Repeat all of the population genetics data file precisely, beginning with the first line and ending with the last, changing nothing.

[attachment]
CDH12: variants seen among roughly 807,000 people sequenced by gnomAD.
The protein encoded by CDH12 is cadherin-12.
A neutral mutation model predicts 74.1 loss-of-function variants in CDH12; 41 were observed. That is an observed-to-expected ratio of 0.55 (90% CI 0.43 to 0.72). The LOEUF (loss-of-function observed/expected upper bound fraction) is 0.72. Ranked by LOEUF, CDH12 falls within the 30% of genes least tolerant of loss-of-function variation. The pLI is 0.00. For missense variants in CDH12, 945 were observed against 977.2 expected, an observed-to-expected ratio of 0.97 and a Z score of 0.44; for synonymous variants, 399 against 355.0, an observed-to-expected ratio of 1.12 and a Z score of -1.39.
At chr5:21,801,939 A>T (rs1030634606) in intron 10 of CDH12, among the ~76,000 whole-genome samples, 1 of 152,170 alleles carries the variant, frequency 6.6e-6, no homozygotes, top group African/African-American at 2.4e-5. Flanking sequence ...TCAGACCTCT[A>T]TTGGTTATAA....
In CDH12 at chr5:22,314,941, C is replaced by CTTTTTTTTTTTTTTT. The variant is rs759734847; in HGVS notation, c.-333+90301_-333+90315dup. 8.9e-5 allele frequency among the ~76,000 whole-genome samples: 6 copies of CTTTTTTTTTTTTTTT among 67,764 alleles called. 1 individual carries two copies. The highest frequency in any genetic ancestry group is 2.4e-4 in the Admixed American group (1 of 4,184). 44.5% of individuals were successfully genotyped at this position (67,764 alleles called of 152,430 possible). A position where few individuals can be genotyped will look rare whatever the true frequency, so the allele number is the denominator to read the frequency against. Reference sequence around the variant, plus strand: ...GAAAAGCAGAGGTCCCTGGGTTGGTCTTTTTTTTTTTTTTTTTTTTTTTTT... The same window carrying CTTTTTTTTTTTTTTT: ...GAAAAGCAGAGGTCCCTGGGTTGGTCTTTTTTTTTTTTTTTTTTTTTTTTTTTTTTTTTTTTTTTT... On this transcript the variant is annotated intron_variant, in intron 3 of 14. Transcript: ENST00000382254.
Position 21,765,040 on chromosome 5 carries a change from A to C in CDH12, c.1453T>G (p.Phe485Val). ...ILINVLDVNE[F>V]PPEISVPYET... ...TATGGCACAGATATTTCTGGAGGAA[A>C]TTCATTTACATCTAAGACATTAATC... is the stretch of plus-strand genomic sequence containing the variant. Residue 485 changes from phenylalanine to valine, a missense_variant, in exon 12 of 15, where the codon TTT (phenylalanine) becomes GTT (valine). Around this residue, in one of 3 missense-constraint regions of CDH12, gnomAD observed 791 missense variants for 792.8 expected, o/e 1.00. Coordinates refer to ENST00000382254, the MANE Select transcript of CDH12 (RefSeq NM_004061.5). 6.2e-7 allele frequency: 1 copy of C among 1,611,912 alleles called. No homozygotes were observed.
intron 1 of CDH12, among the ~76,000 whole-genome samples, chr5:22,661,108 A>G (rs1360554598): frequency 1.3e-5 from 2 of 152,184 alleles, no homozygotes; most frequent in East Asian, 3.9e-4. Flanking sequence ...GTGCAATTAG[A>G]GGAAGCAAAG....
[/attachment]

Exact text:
CDH12: variants seen among roughly 807,000 people sequenced by gnomAD.
The protein encoded by CDH12 is cadherin-12.
A neutral mutation model predicts 74.1 loss-of-function variants in CDH12; 41 were observed. That is an observed-to-expected ratio of 0.55 (90% CI 0.43 to 0.72). The LOEUF (loss-of-function observed/expected upper bound fraction) is 0.72. Ranked by LOEUF, CDH12 falls within the 30% of genes least tolerant of loss-of-function variation. The pLI is 0.00. For missense variants in CDH12, 945 were observed against 977.2 expected, an observed-to-expected ratio of 0.97 and a Z score of 0.44; for synonymous variants, 399 against 355.0, an observed-to-expected ratio of 1.12 and a Z score of -1.39.
At chr5:21,801,939 A>T (rs1030634606) in intron 10 of CDH12, among the ~76,000 whole-genome samples, 1 of 152,170 alleles carries the variant, frequency 6.6e-6, no homozygotes, top group African/African-American at 2.4e-5. Flanking sequence ...TCAGACCTCT[A>T]TTGGTTATAA....
In CDH12 at chr5:22,314,941, C is replaced by CTTTTTTTTTTTTTTT. The variant is rs759734847; in HGVS notation, c.-333+90301_-333+90315dup. 8.9e-5 allele frequency among the ~76,000 whole-genome samples: 6 copies of CTTTTTTTTTTTTTTT among 67,764 alleles called. 1 individual carries two copies. The highest frequency in any genetic ancestry group is 2.4e-4 in the Admixed American group (1 of 4,184). 44.5% of individuals were successfully genotyped at this position (67,764 alleles called of 152,430 possible). A position where few individuals can be genotyped will look rare whatever the true frequency, so the allele number is the denominator to read the frequency against. Reference sequence around the variant, plus strand: ...GAAAAGCAGAGGTCCCTGGGTTGGTCTTTTTTTTTTTTTTTTTTTTTTTTT... The same window carrying CTTTTTTTTTTTTTTT: ...GAAAAGCAGAGGTCCCTGGGTTGGTCTTTTTTTTTTTTTTTTTTTTTTTTTTTTTTTTTTTTTTTT... On this transcript the variant is annotated intron_variant, in intron 3 of 14. Transcript: ENST00000382254.
Position 21,765,040 on chromosome 5 carries a change from A to C in CDH12, c.1453T>G (p.Phe485Val). ...ILINVLDVNE[F>V]PPEISVPYET... ...TATGGCACAGATATTTCTGGAGGAA[A>C]TTCATTTACATCTAAGACATTAATC... is the stretch of plus-strand genomic sequence containing the variant. Residue 485 changes from phenylalanine to valine, a missense_variant, in exon 12 of 15, where the codon TTT (phenylalanine) becomes GTT (valine). Around this residue, in one of 3 missense-constraint regions of CDH12, gnomAD observed 791 missense variants for 792.8 expected, o/e 1.00. Coordinates refer to ENST00000382254, the MANE Select transcript of CDH12 (RefSeq NM_004061.5). 6.2e-7 allele frequency: 1 copy of C among 1,611,912 alleles called. No homozygotes were observed.
intron 1 of CDH12, among the ~76,000 whole-genome samples, chr5:22,661,108 A>G (rs1360554598): frequency 1.3e-5 from 2 of 152,184 alleles, no homozygotes; most frequent in East Asian, 3.9e-4. Flanking sequence ...GTGCAATTAG[A>G]GGAAGCAAAG....